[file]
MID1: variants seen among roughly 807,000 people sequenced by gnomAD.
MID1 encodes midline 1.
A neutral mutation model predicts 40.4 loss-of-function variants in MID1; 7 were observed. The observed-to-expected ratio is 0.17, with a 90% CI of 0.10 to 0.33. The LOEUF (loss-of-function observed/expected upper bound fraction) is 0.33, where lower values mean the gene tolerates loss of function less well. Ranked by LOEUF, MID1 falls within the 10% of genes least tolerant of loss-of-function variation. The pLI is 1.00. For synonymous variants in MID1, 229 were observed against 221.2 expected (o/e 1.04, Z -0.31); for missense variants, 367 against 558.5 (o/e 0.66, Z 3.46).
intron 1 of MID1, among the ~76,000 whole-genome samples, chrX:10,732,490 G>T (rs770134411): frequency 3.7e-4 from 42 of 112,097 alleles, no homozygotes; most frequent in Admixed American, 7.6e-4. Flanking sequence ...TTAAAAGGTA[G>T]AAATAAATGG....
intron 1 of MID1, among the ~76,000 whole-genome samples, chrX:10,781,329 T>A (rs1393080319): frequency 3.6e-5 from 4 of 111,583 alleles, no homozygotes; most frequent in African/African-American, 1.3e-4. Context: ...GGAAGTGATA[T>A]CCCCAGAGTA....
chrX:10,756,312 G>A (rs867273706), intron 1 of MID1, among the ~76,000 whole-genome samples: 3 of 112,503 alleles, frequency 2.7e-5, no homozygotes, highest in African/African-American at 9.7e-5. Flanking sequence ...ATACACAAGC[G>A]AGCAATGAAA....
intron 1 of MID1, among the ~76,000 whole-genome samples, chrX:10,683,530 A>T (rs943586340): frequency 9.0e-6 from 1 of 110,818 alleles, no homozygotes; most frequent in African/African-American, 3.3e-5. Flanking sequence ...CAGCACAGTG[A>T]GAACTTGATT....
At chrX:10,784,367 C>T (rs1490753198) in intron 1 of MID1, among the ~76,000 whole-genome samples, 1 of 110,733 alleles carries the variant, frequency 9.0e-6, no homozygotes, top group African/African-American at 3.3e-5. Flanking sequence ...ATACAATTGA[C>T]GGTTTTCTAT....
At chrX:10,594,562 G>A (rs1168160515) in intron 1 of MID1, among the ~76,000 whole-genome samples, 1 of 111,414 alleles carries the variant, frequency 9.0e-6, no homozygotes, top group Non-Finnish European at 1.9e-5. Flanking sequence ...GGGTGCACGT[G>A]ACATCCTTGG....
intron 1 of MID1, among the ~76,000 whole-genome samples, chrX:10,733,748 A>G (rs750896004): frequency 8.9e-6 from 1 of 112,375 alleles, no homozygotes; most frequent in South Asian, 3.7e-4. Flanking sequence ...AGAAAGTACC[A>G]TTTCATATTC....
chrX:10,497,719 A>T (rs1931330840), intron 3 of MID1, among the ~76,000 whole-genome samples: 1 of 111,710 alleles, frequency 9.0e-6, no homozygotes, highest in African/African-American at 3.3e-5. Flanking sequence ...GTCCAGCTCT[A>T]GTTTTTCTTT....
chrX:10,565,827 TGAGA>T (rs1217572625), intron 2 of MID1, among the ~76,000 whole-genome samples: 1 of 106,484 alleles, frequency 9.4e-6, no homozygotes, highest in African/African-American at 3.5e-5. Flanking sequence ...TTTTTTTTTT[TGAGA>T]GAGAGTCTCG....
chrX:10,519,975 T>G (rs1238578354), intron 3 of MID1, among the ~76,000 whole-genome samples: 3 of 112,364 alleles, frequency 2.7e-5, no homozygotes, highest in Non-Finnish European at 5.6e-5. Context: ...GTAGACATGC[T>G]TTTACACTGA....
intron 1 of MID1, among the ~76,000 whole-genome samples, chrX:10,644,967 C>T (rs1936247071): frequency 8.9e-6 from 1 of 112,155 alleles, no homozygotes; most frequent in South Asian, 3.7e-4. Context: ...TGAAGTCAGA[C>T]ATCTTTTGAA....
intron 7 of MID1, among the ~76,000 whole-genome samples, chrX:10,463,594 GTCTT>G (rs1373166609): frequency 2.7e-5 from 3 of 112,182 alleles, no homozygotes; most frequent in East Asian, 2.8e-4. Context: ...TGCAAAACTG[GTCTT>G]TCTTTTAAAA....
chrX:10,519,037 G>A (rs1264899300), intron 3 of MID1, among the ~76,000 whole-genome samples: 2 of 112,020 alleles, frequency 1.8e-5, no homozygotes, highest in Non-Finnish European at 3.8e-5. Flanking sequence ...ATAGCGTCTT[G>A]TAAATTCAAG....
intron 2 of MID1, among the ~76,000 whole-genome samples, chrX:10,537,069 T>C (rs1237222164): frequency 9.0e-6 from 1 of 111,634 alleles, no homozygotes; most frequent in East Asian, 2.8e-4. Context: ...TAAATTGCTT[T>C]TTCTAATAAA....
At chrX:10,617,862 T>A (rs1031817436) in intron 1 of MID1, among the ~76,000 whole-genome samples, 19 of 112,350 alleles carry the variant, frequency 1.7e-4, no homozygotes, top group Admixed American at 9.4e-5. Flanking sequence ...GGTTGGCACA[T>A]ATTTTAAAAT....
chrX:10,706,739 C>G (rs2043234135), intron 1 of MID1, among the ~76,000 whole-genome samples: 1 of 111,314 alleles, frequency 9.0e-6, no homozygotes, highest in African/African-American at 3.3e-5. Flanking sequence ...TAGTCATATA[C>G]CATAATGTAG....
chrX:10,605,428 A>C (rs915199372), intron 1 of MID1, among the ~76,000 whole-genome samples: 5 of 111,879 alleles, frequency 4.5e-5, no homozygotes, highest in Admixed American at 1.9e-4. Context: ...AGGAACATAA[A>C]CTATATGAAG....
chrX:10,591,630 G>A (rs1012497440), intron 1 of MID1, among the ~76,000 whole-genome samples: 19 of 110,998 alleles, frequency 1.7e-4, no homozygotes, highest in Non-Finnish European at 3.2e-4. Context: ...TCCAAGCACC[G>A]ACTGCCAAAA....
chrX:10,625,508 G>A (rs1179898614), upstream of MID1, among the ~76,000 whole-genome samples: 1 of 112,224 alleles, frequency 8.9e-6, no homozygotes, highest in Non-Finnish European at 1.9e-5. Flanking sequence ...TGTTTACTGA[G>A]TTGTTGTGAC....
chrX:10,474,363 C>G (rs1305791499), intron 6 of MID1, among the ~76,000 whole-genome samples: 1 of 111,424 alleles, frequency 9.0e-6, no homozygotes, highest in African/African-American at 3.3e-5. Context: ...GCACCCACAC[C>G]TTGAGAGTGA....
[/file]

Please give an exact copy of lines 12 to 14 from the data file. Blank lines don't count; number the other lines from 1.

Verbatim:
chrX:10,565,827 TGAGA>T (rs1217572625), intron 2 of MID1, among the ~76,000 whole-genome samples: 1 of 106,484 alleles, frequency 9.4e-6, no homozygotes, highest in African/African-American at 3.5e-5. Flanking sequence ...TTTTTTTTTT[TGAGA>T]GAGAGTCTCG....
chrX:10,519,975 T>G (rs1238578354), intron 3 of MID1, among the ~76,000 whole-genome samples: 3 of 112,364 alleles, frequency 2.7e-5, no homozygotes, highest in Non-Finnish European at 5.6e-5. Context: ...GTAGACATGC[T>G]TTTACACTGA....
intron 1 of MID1, among the ~76,000 whole-genome samples, chrX:10,644,967 C>T (rs1936247071): frequency 8.9e-6 from 1 of 112,155 alleles, no homozygotes; most frequent in South Asian, 3.7e-4. Context: ...TGAAGTCAGA[C>T]ATCTTTTGAA....